Weightloss: Meet the Maker's Diet (cont.)

"The plan is gimmicky as it focuses on fasting one day per week, which I don't recommend as a general guideline because we are not sure [what] a person's specific health concerns are, such as diabetes," she says. 

What's more, there are a myriad of supplements that the diet touts as essential, she says.

"One of them, extra-virgin coconut oil, is marketed as the 'healthier oil' when the nutrition literature does not support this," she says. If anything, she says, "coconut oil is 92% saturated fat -- the type that can clog arteries."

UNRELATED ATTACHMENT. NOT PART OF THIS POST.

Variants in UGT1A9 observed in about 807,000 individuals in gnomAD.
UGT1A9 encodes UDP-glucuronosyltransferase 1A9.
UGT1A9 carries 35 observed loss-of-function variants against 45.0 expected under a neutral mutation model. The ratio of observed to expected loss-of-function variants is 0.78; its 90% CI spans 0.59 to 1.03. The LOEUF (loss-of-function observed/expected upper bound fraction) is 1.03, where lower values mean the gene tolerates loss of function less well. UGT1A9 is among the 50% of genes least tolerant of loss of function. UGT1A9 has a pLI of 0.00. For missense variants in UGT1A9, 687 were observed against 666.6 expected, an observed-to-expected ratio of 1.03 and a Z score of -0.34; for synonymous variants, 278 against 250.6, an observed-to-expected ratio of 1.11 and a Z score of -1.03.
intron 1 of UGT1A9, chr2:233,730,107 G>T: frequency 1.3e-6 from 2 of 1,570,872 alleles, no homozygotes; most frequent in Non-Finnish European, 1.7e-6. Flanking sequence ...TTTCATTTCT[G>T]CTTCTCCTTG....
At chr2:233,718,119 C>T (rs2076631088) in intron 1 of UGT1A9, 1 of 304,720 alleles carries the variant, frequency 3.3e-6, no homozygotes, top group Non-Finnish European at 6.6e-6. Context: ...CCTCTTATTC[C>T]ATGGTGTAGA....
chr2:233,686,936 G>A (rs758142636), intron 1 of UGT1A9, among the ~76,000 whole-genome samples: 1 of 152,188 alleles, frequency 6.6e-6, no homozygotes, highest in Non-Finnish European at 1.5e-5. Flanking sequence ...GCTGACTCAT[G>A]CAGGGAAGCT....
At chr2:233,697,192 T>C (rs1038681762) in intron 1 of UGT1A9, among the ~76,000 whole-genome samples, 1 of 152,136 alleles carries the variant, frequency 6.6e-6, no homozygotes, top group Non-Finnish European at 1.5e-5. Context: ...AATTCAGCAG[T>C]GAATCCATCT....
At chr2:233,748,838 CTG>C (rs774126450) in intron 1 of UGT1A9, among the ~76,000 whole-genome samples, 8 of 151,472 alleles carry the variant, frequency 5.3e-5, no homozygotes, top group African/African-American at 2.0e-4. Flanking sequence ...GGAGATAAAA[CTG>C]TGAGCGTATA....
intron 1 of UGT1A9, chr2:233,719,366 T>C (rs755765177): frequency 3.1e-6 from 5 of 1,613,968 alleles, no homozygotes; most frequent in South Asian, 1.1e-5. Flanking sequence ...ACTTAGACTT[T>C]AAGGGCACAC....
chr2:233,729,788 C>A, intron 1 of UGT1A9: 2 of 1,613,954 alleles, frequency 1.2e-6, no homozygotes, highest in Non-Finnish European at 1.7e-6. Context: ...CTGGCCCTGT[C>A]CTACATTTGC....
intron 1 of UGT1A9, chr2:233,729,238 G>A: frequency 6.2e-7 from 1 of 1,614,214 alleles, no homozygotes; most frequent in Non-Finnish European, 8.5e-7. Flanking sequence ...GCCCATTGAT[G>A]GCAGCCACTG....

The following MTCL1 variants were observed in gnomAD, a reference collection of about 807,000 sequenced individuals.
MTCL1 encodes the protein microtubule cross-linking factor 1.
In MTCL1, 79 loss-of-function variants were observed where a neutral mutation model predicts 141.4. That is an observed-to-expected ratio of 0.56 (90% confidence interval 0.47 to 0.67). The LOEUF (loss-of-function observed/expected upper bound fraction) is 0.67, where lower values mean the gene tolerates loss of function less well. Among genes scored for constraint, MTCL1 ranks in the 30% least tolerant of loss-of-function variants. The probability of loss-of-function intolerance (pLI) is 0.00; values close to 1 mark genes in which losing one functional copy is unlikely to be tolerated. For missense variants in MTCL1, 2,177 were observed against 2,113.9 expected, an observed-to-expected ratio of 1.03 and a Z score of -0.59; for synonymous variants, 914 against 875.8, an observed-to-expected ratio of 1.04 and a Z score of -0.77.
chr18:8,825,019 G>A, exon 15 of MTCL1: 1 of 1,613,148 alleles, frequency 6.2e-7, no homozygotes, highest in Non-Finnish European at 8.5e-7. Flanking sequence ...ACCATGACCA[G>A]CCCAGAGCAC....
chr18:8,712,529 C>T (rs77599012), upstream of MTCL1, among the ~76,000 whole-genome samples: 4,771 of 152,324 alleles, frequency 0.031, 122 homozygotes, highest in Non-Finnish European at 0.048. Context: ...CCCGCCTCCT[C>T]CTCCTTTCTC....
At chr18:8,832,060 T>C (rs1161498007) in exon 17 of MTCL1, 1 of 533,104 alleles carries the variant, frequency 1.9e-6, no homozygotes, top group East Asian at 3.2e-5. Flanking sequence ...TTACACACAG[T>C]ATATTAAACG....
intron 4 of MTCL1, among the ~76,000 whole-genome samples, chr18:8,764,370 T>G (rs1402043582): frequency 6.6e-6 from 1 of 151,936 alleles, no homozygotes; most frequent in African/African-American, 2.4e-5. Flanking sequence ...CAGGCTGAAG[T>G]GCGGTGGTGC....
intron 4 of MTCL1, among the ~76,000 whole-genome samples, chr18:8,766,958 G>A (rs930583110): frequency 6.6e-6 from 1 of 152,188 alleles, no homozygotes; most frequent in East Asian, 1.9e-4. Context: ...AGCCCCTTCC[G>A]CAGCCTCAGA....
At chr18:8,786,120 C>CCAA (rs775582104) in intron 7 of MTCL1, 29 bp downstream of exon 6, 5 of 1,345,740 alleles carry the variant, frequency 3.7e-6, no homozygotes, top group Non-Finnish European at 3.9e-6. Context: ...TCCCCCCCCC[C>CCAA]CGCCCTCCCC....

Shanta-Retelny says the supplements and cleansing agents are not necessary if you are eating a healthy diet (and not eliminating food groups that are high in fiber, vitamins, and minerals).

So is there any population that may benefit from the Maker's Diet?

"Since this diet is based (in part) on kosher practices, it may be better for a strict Orthodox Jewish population, who may practice holistic living, but I would not recommend it to the general population," she says.

Published Aug 3, 2004.


SOURCES: Jordan S Rubin, NMD, PhD, founder of Garden of Life health and wellness company, West Palm Beach, Fla. Ruth Kava, PhD, RD, director of nutrition, American Council on Science and Health, New York. Victoria Shanta-Retelny, RD, dietitian, Northwestern Memorial Hospital's Wellness Institute, Chicago.

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Last Editorial Review: 1/31/2005 8:29:04 AM



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